iPads barred from country due to Wi-Fi specifications

By RON FRIEDMAN
April 15, 2010 03:00

Customs officials confiscate ten Apple devices at airport.

3 minute read.



Apple's iPad.

iPad Apple tech 311. (photo credit: AP)

Israelis planning to buy Apple’s popular new iPad tablet computer may want to reconsider, as the Communications Ministry has banned the entrance of the product into the country.

The ministry said on Tuesday evening that the new product’s Wi-Fi specifications did not match Israeli standards and was not permitted to be used here.

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Custom officials at Ben-Gurion Airport have been instructed to confiscate iPads from incoming travelers and according to Communications Ministry officials, 10 devices have been confiscated from passengers who passed through the “red line” at customs, declaring they had them in their possession.

“Just to be clear, we have nothing against the iPad specifically and would like to see it introduced to Israel,” said Nati Shubert, the senior deputy director general of spectrum management at the ministry. “There are thousands of new products that come out every year. It is our job to make sure that they meet the Israeli standards. From inquiries we made with the United States Federal Communications Commission, we determined that the Wi-Fi specifications of the device was set to the American standard and not the European standard, which is the one the Israeli standard is based on. The moment Apple markets a device that meets the specifications, we will be happy to approve it.”

Shubert likened the problem of standards to road safety issues.

“Traffic can flow smoothly on the road as long as everyone obeys the traffic laws. It’s the same thing with wireless communications. All we want is to prevent disruptions, and since the American specifications allow higher broadcast levels, introducing them here on a large scale would cause disruptions to the network.”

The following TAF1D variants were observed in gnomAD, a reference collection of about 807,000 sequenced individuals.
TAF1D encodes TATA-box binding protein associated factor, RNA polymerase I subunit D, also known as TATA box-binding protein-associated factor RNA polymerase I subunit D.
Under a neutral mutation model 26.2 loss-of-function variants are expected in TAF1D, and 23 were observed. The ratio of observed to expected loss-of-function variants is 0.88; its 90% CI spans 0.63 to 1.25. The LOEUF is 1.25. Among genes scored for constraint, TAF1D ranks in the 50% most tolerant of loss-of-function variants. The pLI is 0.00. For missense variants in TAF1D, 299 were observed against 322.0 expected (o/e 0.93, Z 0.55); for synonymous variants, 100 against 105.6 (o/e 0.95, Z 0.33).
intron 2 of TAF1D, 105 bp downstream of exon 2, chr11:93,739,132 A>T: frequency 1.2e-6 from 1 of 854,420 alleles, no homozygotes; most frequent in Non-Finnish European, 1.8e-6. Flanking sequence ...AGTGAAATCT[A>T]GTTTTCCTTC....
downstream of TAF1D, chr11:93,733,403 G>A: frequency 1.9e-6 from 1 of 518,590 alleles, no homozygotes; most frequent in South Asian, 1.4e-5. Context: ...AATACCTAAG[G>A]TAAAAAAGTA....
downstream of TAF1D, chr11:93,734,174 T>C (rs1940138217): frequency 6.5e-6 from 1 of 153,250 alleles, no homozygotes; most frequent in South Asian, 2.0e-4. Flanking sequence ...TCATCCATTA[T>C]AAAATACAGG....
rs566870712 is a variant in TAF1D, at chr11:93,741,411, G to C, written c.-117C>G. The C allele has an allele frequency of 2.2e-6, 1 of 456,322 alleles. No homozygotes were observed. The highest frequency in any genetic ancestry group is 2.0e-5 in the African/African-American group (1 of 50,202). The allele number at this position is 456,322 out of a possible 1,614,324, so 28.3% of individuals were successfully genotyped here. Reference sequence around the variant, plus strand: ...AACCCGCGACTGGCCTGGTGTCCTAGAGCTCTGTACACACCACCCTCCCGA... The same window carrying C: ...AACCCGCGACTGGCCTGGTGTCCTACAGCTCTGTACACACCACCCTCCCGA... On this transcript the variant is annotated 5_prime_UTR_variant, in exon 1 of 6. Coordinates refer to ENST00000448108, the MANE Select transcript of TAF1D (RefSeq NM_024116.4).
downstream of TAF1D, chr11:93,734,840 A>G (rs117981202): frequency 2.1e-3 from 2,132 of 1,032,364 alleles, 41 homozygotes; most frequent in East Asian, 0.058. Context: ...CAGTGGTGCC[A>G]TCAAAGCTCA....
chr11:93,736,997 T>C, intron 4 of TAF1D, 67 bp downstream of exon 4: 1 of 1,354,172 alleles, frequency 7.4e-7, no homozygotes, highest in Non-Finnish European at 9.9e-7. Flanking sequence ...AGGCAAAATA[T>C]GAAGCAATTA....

The Communications Ministry has come under criticism for not alerting consumers to the problem earlier.

Chaim Zagoury, the owner of I-phone Israel, an importer of Apple devices, said he has received many calls from people interested in buying the iPad.

“Thankfully, I haven’t ordered any yet, but I know of many other people who have. Now, they’re in trouble. They are either stuck with stock that nobody will buy until things clear up, or they are waiting for the devices to arrive and praying they are not confiscated in customs’” he said.

“It’s annoying that they didn’t say anything sooner,” said Keren Arush, who recently bought an iPad for her niece’s bat mitzva. “They could have anticipated that people would rush to buy them, seeing how popular they are abroad. Now I’m worried that she won’t get her present.”

Shubert said the ministry was not so much worried about individuals bringing the device in for their own use, but rather the big importers. “In small amounts the disruptions to the network may be negligible, but if they are brought in on a large scale, it risks harming the system,” Shubert said.

“I know Israelis and I know that not everybody rushes to declare they are bringing in an electronic device. I imagine they’ll find ways to smuggle the iPads in regardless. We have already contacted Apple’s licensed distributors in Israel, I-Digital, to receive all the information that will allow us to authorize its entrance.”

Apple has already announced that it will sell the iPad in European countries, so it is probably only a matter of time before the Wi-Fi specifications are adjusted and the devices are allowed into the country.

People considering bringing in the device without declaring it to customs officials should know that the fine for not declaring it is NIS 650 as well as 16% value-added tax.


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